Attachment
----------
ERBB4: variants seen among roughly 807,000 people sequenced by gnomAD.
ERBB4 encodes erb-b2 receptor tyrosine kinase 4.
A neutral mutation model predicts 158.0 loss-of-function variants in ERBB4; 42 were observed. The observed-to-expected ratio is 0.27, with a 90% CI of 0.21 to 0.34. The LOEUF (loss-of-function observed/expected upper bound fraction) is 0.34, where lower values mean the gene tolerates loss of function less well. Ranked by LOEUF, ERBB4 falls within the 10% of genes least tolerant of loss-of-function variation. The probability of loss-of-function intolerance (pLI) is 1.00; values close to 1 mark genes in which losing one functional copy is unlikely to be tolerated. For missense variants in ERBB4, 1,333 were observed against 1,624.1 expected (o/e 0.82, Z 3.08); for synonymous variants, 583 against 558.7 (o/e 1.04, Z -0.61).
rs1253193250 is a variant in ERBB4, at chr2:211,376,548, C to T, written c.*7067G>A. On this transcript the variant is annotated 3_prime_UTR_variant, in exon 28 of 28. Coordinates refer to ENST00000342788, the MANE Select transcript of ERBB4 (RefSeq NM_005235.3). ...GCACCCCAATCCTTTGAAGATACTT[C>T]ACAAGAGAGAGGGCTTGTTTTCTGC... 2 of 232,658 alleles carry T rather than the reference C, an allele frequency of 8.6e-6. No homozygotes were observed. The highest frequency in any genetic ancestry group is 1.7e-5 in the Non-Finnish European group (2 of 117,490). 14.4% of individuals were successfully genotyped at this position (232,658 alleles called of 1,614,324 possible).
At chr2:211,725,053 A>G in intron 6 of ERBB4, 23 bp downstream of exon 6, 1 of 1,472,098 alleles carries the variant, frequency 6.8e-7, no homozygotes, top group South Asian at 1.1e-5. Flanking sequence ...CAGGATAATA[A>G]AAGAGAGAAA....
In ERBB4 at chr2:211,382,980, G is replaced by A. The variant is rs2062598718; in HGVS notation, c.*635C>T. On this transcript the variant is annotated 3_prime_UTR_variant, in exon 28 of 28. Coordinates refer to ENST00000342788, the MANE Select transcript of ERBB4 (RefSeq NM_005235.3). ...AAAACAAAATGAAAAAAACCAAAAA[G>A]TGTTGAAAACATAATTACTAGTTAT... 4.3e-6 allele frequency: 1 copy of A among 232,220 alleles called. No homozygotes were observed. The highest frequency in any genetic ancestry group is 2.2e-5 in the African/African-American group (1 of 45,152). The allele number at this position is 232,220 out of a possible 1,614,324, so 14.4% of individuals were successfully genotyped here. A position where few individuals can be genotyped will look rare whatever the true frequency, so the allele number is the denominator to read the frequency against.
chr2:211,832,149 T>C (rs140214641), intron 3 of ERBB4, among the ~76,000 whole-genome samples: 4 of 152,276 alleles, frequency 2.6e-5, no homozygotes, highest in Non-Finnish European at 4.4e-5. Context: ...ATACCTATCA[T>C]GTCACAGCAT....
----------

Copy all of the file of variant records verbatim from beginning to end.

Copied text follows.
ERBB4: variants seen among roughly 807,000 people sequenced by gnomAD.
ERBB4 encodes erb-b2 receptor tyrosine kinase 4.
A neutral mutation model predicts 158.0 loss-of-function variants in ERBB4; 42 were observed. The observed-to-expected ratio is 0.27, with a 90% CI of 0.21 to 0.34. The LOEUF (loss-of-function observed/expected upper bound fraction) is 0.34, where lower values mean the gene tolerates loss of function less well. Ranked by LOEUF, ERBB4 falls within the 10% of genes least tolerant of loss-of-function variation. The probability of loss-of-function intolerance (pLI) is 1.00; values close to 1 mark genes in which losing one functional copy is unlikely to be tolerated. For missense variants in ERBB4, 1,333 were observed against 1,624.1 expected (o/e 0.82, Z 3.08); for synonymous variants, 583 against 558.7 (o/e 1.04, Z -0.61).
rs1253193250 is a variant in ERBB4, at chr2:211,376,548, C to T, written c.*7067G>A. On this transcript the variant is annotated 3_prime_UTR_variant, in exon 28 of 28. Coordinates refer to ENST00000342788, the MANE Select transcript of ERBB4 (RefSeq NM_005235.3). ...GCACCCCAATCCTTTGAAGATACTT[C>T]ACAAGAGAGAGGGCTTGTTTTCTGC... 2 of 232,658 alleles carry T rather than the reference C, an allele frequency of 8.6e-6. No homozygotes were observed. The highest frequency in any genetic ancestry group is 1.7e-5 in the Non-Finnish European group (2 of 117,490). 14.4% of individuals were successfully genotyped at this position (232,658 alleles called of 1,614,324 possible).
At chr2:211,725,053 A>G in intron 6 of ERBB4, 23 bp downstream of exon 6, 1 of 1,472,098 alleles carries the variant, frequency 6.8e-7, no homozygotes, top group South Asian at 1.1e-5. Flanking sequence ...CAGGATAATA[A>G]AAGAGAGAAA....
In ERBB4 at chr2:211,382,980, G is replaced by A. The variant is rs2062598718; in HGVS notation, c.*635C>T. On this transcript the variant is annotated 3_prime_UTR_variant, in exon 28 of 28. Coordinates refer to ENST00000342788, the MANE Select transcript of ERBB4 (RefSeq NM_005235.3). ...AAAACAAAATGAAAAAAACCAAAAA[G>A]TGTTGAAAACATAATTACTAGTTAT... 4.3e-6 allele frequency: 1 copy of A among 232,220 alleles called. No homozygotes were observed. The highest frequency in any genetic ancestry group is 2.2e-5 in the African/African-American group (1 of 45,152). The allele number at this position is 232,220 out of a possible 1,614,324, so 14.4% of individuals were successfully genotyped here. A position where few individuals can be genotyped will look rare whatever the true frequency, so the allele number is the denominator to read the frequency against.
chr2:211,832,149 T>C (rs140214641), intron 3 of ERBB4, among the ~76,000 whole-genome samples: 4 of 152,276 alleles, frequency 2.6e-5, no homozygotes, highest in Non-Finnish European at 4.4e-5. Context: ...ATACCTATCA[T>C]GTCACAGCAT....